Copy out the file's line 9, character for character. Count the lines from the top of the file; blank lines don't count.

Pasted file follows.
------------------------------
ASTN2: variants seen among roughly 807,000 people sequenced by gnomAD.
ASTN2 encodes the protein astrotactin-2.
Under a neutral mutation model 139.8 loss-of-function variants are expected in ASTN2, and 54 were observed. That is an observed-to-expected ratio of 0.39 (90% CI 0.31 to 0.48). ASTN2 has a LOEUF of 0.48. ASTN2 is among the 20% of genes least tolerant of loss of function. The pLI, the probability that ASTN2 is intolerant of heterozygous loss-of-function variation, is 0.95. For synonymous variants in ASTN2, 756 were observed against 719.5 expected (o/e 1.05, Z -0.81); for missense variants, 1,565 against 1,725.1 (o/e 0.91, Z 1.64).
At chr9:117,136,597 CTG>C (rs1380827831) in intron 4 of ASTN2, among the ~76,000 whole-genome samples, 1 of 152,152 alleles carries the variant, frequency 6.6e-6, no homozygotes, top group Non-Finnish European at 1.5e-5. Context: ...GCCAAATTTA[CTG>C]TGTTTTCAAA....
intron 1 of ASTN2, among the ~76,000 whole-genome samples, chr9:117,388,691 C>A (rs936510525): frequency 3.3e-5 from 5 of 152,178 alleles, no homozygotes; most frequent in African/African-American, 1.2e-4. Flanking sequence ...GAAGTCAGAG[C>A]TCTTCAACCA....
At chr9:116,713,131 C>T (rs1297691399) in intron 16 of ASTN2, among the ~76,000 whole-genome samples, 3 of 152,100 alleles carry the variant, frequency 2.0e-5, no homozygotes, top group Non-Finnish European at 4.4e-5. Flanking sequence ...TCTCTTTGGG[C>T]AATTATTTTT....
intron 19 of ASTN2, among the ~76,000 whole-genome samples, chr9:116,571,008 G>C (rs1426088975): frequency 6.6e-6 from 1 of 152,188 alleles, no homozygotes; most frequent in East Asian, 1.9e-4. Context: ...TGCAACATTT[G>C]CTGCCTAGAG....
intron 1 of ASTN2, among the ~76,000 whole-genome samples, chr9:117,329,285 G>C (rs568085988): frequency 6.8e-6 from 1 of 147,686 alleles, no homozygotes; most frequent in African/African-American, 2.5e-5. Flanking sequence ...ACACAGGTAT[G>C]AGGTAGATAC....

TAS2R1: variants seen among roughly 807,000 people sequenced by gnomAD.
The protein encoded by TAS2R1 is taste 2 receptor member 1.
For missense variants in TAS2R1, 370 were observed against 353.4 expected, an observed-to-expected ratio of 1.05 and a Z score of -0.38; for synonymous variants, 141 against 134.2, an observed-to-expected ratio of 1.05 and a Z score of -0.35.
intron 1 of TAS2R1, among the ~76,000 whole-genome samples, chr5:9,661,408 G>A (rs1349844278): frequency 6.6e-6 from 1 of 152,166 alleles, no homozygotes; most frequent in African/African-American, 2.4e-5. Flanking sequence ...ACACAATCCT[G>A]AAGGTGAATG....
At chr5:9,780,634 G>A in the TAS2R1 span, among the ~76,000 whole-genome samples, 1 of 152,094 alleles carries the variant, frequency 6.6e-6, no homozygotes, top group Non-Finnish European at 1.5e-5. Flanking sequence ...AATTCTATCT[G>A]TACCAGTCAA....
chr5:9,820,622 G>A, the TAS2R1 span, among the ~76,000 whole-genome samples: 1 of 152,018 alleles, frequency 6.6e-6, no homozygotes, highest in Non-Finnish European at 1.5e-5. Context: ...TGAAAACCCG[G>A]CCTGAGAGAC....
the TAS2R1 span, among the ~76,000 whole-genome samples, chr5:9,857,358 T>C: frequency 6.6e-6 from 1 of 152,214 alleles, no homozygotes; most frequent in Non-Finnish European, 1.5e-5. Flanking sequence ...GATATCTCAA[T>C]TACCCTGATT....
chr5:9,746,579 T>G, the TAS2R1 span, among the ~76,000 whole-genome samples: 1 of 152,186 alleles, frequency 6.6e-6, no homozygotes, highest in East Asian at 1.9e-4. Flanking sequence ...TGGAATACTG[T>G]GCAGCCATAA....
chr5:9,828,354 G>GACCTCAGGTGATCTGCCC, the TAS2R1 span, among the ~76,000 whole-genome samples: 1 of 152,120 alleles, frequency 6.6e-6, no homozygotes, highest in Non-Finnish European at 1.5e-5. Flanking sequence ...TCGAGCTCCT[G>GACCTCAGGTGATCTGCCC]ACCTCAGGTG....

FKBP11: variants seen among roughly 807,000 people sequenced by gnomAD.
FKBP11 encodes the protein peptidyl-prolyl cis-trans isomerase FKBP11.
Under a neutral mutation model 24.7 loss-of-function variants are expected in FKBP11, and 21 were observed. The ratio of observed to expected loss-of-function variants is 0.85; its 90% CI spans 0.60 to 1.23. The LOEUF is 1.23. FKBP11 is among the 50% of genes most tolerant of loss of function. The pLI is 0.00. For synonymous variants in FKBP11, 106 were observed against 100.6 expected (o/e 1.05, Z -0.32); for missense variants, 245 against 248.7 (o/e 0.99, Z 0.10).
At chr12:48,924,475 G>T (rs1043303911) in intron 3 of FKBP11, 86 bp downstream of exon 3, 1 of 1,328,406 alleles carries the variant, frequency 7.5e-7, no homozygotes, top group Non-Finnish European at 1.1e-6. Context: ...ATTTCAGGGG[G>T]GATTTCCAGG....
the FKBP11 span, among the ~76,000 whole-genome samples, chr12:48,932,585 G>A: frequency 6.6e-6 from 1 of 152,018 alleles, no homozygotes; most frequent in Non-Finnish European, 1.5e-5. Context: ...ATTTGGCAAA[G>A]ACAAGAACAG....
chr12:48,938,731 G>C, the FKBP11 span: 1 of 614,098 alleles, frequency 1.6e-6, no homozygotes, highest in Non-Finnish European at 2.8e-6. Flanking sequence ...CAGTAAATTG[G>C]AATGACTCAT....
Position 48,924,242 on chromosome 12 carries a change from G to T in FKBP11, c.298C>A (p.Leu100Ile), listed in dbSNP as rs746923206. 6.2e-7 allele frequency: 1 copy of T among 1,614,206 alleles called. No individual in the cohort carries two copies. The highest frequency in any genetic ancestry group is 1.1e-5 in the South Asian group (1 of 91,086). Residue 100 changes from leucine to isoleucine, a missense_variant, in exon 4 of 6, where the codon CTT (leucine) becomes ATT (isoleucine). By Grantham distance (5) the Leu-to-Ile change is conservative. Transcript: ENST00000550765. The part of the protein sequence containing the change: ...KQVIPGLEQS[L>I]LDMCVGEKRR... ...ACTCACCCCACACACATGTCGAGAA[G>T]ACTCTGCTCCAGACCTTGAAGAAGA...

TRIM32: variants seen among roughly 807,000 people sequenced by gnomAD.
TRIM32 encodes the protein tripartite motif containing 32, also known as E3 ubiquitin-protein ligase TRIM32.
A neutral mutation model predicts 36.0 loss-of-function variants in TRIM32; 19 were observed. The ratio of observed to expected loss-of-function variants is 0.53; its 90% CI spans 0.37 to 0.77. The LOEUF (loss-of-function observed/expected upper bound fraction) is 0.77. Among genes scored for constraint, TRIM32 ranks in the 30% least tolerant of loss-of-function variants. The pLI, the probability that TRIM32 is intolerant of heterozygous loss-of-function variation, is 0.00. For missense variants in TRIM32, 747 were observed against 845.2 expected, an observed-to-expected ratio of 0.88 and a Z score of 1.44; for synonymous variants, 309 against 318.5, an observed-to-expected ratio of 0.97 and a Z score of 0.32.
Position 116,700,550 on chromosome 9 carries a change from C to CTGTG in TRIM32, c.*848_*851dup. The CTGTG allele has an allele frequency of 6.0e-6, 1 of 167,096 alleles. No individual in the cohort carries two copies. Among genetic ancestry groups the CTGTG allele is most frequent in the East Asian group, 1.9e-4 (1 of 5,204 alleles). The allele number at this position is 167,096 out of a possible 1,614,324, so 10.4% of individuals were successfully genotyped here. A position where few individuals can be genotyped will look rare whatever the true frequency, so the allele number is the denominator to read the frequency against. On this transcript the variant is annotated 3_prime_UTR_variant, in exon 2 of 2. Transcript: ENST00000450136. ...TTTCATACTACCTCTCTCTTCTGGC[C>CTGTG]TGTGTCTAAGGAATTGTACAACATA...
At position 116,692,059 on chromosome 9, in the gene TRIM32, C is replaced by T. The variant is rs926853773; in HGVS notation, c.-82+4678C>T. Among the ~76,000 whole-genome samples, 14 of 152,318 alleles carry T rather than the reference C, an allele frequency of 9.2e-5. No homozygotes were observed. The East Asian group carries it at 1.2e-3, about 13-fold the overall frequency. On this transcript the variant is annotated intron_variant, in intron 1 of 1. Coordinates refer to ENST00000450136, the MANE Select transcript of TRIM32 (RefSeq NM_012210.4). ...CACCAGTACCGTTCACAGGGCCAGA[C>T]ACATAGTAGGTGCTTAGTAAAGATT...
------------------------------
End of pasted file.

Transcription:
TAS2R1: variants seen among roughly 807,000 people sequenced by gnomAD.